# Prove $\sum_{k=0}^{n}k*p_n(k)=n!$ [duplicate]

I simplified the above problem to

Prove$$\sum_{k=1}^n\left(\sum_{i=0}^{n-k}\frac{(-1)^i}{(k-1)!\,i!}\right)=1$$

Here $p_n(k)$ denotes number of permutations of $\{1,2,\dots ,n\}$ such that we have k fixed points.

How to proceed?

## marked as duplicate by Anvit, Community♦Jun 11 '18 at 5:59

• That sounds like the reverse of simplification. – Lord Shark the Unknown Jun 11 '18 at 4:21
• Should the inner sum go from $0$ to $k-1$? – Lord Shark the Unknown Jun 11 '18 at 4:40

There are exactly $n!$ permutations of $\{1, 2, \dots, n\}$, and the equation is just classifying each permutation with respect to number of fixed points.

• Sorry I missed a $k$ in the equation in the title. Does your argument still hold with the $k$? – Anvit Jun 11 '18 at 5:46

Answer for the new question. We can adopt the indicator function technique:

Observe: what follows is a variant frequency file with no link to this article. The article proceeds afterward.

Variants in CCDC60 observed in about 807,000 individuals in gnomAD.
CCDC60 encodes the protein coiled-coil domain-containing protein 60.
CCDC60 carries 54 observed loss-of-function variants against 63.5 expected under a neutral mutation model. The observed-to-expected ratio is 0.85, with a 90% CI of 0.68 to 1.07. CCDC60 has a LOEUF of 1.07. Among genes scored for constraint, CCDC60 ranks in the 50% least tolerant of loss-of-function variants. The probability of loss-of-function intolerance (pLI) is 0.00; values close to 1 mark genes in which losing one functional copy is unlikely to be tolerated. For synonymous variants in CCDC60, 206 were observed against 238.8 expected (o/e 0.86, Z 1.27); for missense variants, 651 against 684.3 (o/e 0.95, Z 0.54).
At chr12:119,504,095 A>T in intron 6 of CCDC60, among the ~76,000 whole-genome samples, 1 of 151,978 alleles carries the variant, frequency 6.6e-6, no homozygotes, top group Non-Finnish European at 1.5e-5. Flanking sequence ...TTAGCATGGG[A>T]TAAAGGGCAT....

Let $S_n$ be the set of permutations on $\{1,\cdots,n\}$. Then for each $\sigma\in S_n$, the number of fixed points of $\sigma$ can be written as $\sum_{i=1}^{n}\mathbf{1}_{\{\sigma(i)=i\}}$. So

$$\sum_{k=0}^{n}k p_n(k) =\sum_{\sigma\in S_n}\sum_{i=1}^{n}\mathbf{1}_{\{\sigma(i)=i\}} =\sum_{i=1}^{n}\sum_{\sigma\in S_n}\mathbf{1}_{\{\sigma(i)=i\}} =\sum_{i=1}^{n}(n-1)!=n!.$$

You have changed the problem in the edit.

You can rewrite $$\sum_{k=0}^n kp_k(n)$$ as $$\sum_{\sigma\in S_n}|\textrm{fix}(\sigma)|$$ where $\textrm{fix}(\sigma)$ is the set of fixed points of $\sigma$. By Burnside's lemma, this equals $n!M$ where $M$ is the number of orbits of $S_n$ on its natural action on $\{1,\ldots,n\}$. But $M=1$.

• Is there any more elementary way? I Dont think I'll be allowed to use burnside's lemma without proving it – Anvit Jun 11 '18 at 5:47